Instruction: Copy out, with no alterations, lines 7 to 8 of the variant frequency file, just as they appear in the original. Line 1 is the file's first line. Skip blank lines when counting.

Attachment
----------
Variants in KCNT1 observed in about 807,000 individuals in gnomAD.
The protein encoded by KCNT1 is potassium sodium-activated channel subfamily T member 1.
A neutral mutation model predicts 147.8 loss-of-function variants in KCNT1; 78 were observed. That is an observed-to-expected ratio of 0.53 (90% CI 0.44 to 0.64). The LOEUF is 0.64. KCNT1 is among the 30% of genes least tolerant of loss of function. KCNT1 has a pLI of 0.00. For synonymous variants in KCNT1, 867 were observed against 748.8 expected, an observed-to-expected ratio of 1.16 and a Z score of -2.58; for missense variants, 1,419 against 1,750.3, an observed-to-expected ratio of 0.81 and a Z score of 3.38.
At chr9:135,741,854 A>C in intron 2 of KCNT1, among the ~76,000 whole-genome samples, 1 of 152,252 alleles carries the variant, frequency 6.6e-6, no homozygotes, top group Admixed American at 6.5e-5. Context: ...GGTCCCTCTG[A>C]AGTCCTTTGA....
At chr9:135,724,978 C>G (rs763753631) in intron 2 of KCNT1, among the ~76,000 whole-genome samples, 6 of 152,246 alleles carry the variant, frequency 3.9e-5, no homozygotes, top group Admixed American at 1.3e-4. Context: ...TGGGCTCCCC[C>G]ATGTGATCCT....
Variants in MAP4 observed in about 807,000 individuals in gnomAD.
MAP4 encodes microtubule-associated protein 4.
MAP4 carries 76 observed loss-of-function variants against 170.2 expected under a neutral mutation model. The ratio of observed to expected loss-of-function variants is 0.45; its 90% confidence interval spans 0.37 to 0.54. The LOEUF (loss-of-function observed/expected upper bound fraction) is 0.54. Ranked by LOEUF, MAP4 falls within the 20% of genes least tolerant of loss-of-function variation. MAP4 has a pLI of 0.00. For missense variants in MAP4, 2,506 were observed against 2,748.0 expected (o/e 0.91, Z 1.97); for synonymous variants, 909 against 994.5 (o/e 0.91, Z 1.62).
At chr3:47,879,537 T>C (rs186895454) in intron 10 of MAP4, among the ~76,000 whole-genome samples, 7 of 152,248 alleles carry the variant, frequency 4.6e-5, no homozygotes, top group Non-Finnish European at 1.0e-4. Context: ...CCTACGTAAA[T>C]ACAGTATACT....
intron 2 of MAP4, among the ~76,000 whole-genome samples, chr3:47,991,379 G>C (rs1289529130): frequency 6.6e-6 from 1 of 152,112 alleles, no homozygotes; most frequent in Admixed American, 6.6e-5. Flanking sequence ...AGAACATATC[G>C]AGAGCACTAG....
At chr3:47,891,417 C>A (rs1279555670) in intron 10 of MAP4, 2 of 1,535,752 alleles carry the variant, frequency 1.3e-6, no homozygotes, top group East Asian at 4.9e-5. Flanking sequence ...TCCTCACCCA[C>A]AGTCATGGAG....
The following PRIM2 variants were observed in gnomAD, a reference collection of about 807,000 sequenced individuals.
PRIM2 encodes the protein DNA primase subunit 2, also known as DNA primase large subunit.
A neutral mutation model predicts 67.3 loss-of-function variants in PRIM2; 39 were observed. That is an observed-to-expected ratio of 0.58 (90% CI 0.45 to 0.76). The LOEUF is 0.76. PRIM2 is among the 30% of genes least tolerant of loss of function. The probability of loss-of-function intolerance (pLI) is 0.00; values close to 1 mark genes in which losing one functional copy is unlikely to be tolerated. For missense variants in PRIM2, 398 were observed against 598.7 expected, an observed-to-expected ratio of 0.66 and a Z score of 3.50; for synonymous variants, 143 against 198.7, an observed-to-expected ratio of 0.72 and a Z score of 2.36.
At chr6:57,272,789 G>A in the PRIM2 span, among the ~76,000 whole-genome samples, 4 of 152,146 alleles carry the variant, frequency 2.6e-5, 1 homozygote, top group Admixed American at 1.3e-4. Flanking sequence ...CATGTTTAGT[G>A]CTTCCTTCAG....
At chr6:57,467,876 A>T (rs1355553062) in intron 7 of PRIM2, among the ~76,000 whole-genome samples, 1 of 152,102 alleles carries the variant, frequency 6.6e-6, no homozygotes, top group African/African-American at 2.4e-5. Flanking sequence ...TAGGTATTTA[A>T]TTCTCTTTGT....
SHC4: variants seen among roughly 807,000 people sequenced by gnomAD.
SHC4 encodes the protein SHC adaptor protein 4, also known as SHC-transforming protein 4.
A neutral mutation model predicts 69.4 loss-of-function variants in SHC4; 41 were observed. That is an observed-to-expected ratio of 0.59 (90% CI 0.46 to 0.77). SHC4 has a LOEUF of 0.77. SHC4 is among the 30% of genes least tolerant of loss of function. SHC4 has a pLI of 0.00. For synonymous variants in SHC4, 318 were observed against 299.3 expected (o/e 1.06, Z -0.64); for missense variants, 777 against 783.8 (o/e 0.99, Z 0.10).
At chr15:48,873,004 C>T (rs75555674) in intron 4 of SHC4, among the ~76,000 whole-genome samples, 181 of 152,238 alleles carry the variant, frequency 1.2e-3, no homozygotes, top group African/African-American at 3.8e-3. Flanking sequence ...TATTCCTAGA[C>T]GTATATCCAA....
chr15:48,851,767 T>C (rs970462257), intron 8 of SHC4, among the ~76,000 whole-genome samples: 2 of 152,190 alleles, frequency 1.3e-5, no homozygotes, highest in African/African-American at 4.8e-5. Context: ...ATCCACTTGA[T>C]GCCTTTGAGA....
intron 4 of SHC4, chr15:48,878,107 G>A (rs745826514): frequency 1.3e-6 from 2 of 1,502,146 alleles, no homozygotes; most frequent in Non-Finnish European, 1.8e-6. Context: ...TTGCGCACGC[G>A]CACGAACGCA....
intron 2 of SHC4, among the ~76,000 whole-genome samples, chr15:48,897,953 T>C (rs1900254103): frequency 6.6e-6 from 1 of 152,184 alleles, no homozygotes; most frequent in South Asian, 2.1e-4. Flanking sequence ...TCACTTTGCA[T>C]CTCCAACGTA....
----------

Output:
MAP4 encodes microtubule-associated protein 4.
MAP4 carries 76 observed loss-of-function variants against 170.2 expected under a neutral mutation model. The ratio of observed to expected loss-of-function variants is 0.45; its 90% confidence interval spans 0.37 to 0.54. The LOEUF (loss-of-function observed/expected upper bound fraction) is 0.54. Ranked by LOEUF, MAP4 falls within the 20% of genes least tolerant of loss-of-function variation. MAP4 has a pLI of 0.00. For missense variants in MAP4, 2,506 were observed against 2,748.0 expected (o/e 0.91, Z 1.97); for synonymous variants, 909 against 994.5 (o/e 0.91, Z 1.62).